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Here's How Female Filmmakers are Shaking Up the Industry

Here's How Female Filmmakers are Shaking Up the Industry

Katie Otto’s allergies were acting up as she stood in Merritt’s Pasture to scout her film location. The wide expanse of wild grass behind Fordham Boulevard would serve as one of her primary backdrops for her 2018 experimental film, “Against the Morning Sun.” 

Otto’s work is a dreamy one-woman piece with shifting perspective and advanced editing inspired by the avant-garde work of Maya Deren, one of America’s most influential experimentalist filmmakers. She won a Guggenheim grant for her creative film work. She established the Creative Film Foundation to encourage other independent filmmakers. And, like most people, Otto had never heard of her. 

“There’s not a lot of women filmmakers in the mainstream that we hear about, and that’s definitely a problem.” Otto, a senior communications and women’s and gender studies double major, said. “Out of curiosity, I Googled ‘famous filmmakers.’ Google pulled up a list of people they’ve compiled. I counted. Out of 51 people, three of them were women.”

To help shed light on this trend, and to highlight the achievements of women in film, the Ackland Art Museum, partnered with the UNC Department of English and Comparative Literature, will host a semester-long, seven-film series celebrating female film directors. Focused on films from the past 30 years, “Women with a Movie Camera: American Female Directors 1990-Present” will include in-depth looks at race, gender and sexuality through genres ranging from horror to documentary. 

“The series includes multiple genres, production modes (both mainstream and independent films), and cultural contexts,” said Rick Warner, associate professor of film at UNC. “It encompasses directors from a range of ethnic backgrounds, and involves multiple student organizations, who will introduce certain films that relate to their interests.”

Warner also mentioned how creative opportunities in film have been skewed towards men since the industry’s beginning. According to The Center for Study of Women in Television and Film, of the top 100 grossing films of 2017, women made up just 14 percent of editors, 10 percent of writers and eight percent of directors.

 In fact, only one woman, Kathryn Bigelow, has ever won an Academy Award for Best Director. It was for “Hurt Locker,” and it happened over eight years ago.

“To women out there who want to be filmmakers, you can’t be what you can’t see,” Otto said, quoting the feminist documentary “Miss Representation.” “If we don’t have women’s voices, if every story is told from the male perspective, it furthers this notion that the male perspective is the neutral perspective and that the female perspective is ‘different.’”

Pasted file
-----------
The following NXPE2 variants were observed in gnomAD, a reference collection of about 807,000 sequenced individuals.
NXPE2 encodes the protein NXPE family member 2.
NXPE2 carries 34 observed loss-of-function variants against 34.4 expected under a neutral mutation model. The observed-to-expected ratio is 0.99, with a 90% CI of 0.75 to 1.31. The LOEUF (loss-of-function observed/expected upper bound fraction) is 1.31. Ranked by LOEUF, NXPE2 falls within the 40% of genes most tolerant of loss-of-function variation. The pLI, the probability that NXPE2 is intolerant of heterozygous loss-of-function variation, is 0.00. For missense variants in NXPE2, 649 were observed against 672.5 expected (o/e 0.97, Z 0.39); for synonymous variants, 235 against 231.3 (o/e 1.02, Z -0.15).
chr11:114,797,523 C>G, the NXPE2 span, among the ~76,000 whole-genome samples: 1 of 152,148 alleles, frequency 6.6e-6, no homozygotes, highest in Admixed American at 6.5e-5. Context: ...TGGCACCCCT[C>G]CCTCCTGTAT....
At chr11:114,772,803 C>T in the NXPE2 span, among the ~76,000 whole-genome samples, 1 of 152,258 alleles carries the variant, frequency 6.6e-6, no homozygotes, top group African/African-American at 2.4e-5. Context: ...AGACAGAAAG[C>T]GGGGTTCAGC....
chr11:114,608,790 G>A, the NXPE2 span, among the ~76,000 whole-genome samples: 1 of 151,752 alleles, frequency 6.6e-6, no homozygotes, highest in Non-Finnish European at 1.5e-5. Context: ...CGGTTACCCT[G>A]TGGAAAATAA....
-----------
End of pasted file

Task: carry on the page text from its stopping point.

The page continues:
Finding women of color who have made a career in film proves even more challenging. The Center for the Study of Women in Television and Film found that, of the top 100 grossing films of last year, only four had production led by women of color. Women of color are also vastly underrepresented on films’ Board of Directors seats, as critics and in feature roles. Without knowing it, senior Sidney Morris began contributing her voice as a woman of color to film when she picked up a flip camera as a young girl and began shooting scenes with friends.

 “I remember when I first told my mom that I wanted to be a filmmaker, there was a moment of really strong pause,” Morris said. “She looked at me and pointed at her arm — mentioning her skin tone — and that there aren’t a lot of us in that world. And was like, ‘You’re right. But I want to change that.’ And ever since then I’ve been determined to make this dream a reality.” 

Her recent film “She’s so Cool,” created in collaboration with other female filmmakers at UNC, was inspired by leaving behind the white male lens to explore diverse perspectives in film. 

“It’s always cool to do a film with other student filmmakers because everyone kind of knows what they’re doing, but not really,” Morris said. “You’re all learning from each other and no day is ever the same.”

Morris is also one of just 50 students worldwide to be invited to Telluride Film Festival’s student symposium, a four-day filmmaker’s dream in Telluride, Colorado. Past speakers have included Barry Jenkins, the director of the Academy Award-winning film “Moonlight.”

 Rick Warner, who organized the Ackland’s upcoming series, wrote Morris’s recommendation letter. She found out she was accepted in March and leaves on Wednesday to meet the other students and prepare for a weekend of film education and inspiration. 

Otto, Morris and Hayley Sigmon, who created an entirely female and non-binary crew to work on her film “Breaking and Entering” for UNC’s Campus Movie Fest, would all like to see a class at UNC that focuses on women, gender and diversity in filmmaking. Furthering the conversation and encouraging more underrepresented voices to pursue cinematic art is how the perspective will continue to evolve. 

“When I was first starting out, I didn’t have women directors to look up to,” Sigmon said. “Even now, my favorite directors are men. But that’s just because there’s not that many women in the industry. We just have to jump through more hoops to prove ourselves, I feel.”

But as more women become interested and break into the field, young filmmakers will be able to look up to women and non-binary creatives who represent their views. 

“We need more women in all positions — in all aspects of production,” Sigmon said. “It’s time to level the playing field.” 

Here's How Female Filmmakers are Shaking Up the Industry
Here's How Female Filmmakers are Shaking Up the Industry